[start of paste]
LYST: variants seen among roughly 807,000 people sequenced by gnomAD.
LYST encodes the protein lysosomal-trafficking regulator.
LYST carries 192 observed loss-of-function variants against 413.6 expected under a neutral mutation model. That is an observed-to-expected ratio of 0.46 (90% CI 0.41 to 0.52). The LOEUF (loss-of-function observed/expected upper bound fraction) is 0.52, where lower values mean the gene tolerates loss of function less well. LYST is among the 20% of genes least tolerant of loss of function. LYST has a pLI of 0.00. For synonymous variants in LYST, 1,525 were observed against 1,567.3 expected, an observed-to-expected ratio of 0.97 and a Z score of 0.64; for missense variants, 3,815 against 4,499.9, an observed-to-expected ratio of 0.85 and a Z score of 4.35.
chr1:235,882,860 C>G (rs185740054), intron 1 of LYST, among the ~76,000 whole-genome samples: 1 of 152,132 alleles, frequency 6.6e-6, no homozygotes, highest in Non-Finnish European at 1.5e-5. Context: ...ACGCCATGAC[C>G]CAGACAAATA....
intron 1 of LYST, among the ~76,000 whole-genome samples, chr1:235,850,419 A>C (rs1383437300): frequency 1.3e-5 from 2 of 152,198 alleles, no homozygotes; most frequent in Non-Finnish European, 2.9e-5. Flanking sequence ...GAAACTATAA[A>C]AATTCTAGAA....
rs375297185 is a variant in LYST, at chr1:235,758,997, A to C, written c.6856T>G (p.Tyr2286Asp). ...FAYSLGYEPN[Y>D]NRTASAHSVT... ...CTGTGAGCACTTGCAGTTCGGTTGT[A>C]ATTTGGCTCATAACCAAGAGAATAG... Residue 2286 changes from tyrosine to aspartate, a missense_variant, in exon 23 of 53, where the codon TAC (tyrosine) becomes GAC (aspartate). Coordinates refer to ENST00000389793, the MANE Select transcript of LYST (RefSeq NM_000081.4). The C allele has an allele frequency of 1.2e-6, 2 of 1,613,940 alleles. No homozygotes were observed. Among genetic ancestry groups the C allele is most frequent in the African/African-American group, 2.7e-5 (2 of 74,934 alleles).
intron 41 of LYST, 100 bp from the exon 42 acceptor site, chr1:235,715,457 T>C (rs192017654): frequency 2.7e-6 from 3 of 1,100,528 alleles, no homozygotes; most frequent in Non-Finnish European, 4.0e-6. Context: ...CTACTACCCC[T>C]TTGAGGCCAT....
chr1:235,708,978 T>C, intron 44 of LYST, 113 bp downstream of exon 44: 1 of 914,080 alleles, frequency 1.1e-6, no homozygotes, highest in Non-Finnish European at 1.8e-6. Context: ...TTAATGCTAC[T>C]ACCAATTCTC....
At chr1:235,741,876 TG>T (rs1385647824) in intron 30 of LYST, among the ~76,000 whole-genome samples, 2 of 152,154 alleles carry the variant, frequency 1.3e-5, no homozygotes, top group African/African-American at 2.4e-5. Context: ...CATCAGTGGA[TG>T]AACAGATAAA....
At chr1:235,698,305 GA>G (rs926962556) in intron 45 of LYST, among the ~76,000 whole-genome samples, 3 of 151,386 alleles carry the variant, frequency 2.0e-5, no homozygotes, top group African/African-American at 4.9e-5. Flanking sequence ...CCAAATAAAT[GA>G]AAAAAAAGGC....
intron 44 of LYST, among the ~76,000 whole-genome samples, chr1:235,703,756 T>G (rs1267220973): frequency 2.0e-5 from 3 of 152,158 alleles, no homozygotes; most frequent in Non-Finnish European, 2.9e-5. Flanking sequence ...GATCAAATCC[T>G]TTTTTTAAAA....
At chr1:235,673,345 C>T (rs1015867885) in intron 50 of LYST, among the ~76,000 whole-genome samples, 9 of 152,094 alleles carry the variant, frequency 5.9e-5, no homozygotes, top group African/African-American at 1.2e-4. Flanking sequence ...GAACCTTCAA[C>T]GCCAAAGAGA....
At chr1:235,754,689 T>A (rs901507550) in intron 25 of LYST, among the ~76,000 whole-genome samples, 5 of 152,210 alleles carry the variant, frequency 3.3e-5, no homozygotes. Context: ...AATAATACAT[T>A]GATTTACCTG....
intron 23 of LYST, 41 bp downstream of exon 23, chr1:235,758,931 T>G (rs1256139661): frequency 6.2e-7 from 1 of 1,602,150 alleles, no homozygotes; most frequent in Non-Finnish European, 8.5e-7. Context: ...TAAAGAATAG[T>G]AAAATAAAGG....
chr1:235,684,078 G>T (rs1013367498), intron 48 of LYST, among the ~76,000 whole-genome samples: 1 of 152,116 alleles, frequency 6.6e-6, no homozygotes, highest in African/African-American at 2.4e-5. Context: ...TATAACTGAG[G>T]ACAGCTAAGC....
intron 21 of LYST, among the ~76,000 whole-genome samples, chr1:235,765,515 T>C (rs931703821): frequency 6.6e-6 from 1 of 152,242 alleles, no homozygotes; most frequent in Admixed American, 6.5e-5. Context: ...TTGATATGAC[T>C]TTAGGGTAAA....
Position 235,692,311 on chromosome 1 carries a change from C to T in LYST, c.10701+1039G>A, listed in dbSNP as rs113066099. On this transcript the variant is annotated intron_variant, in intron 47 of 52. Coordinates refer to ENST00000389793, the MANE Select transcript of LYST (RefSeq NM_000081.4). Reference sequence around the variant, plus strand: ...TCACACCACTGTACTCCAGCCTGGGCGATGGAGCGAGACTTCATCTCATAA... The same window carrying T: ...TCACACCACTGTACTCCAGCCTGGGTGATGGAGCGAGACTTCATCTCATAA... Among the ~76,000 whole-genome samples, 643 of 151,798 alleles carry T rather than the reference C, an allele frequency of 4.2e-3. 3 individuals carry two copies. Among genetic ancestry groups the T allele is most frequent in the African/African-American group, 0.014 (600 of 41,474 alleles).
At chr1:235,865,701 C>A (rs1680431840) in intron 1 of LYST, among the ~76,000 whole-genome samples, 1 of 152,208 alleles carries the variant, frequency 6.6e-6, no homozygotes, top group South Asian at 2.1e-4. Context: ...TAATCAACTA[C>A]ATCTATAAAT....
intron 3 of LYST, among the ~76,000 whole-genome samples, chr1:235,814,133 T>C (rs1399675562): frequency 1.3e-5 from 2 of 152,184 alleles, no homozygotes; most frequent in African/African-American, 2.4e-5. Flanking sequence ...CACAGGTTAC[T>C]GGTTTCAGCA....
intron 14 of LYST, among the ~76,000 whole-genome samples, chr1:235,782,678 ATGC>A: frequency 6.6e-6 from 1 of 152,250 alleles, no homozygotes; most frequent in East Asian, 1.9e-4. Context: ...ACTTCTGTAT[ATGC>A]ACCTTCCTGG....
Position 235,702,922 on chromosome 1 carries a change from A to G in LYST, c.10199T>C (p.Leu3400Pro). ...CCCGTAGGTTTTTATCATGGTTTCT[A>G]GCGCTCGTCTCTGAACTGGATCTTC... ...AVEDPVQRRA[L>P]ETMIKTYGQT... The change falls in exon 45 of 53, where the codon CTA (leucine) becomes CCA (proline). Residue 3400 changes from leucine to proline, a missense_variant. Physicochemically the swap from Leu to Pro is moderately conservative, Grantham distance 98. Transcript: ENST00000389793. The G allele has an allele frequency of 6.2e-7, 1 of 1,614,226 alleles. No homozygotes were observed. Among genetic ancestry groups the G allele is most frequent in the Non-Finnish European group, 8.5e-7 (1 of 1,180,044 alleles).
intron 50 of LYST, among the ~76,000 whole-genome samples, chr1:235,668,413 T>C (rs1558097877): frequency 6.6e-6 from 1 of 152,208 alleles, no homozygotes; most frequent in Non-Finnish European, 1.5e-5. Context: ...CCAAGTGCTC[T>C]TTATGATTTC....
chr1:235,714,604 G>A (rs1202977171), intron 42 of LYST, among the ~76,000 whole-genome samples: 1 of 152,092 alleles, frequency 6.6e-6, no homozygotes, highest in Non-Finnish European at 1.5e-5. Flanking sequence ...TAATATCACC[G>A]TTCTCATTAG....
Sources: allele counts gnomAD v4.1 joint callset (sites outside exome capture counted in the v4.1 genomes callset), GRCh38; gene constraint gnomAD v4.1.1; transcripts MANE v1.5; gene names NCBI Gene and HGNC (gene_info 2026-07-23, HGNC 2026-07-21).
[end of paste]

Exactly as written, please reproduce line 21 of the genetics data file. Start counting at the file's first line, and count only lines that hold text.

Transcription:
Position 235,702,922 on chromosome 1 carries a change from A to G in LYST, c.10199T>C (p.Leu3400Pro). ...CCCGTAGGTTTTTATCATGGTTTCT[A>G]GCGCTCGTCTCTGAACTGGATCTTC... ...AVEDPVQRRA[L>P]ETMIKTYGQT... The change falls in exon 45 of 53, where the codon CTA (leucine) becomes CCA (proline). Residue 3400 changes from leucine to proline, a missense_variant. Physicochemically the swap from Leu to Pro is moderately conservative, Grantham distance 98. Transcript: ENST00000389793. The G allele has an allele frequency of 6.2e-7, 1 of 1,614,226 alleles. No homozygotes were observed. Among genetic ancestry groups the G allele is most frequent in the Non-Finnish European group, 8.5e-7 (1 of 1,180,044 alleles).